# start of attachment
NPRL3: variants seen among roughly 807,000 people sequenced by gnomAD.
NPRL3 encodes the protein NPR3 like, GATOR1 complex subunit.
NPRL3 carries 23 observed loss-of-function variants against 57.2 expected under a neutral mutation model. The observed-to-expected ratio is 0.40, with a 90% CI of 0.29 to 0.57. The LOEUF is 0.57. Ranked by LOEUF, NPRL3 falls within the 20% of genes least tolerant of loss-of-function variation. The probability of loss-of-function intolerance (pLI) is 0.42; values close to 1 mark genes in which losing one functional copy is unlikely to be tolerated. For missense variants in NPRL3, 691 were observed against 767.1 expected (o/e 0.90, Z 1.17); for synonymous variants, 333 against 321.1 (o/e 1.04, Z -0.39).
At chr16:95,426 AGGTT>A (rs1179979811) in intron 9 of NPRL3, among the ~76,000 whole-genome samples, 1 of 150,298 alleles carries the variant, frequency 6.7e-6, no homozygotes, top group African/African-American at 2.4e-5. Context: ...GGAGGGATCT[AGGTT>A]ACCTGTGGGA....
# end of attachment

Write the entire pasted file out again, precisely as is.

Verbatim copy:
NPRL3: variants seen among roughly 807,000 people sequenced by gnomAD.
NPRL3 encodes the protein NPR3 like, GATOR1 complex subunit.
NPRL3 carries 23 observed loss-of-function variants against 57.2 expected under a neutral mutation model. The observed-to-expected ratio is 0.40, with a 90% CI of 0.29 to 0.57. The LOEUF is 0.57. Ranked by LOEUF, NPRL3 falls within the 20% of genes least tolerant of loss-of-function variation. The probability of loss-of-function intolerance (pLI) is 0.42; values close to 1 mark genes in which losing one functional copy is unlikely to be tolerated. For missense variants in NPRL3, 691 were observed against 767.1 expected (o/e 0.90, Z 1.17); for synonymous variants, 333 against 321.1 (o/e 1.04, Z -0.39).
At chr16:95,426 AGGTT>A (rs1179979811) in intron 9 of NPRL3, among the ~76,000 whole-genome samples, 1 of 150,298 alleles carries the variant, frequency 6.7e-6, no homozygotes, top group African/African-American at 2.4e-5. Context: ...GGAGGGATCT[AGGTT>A]ACCTGTGGGA....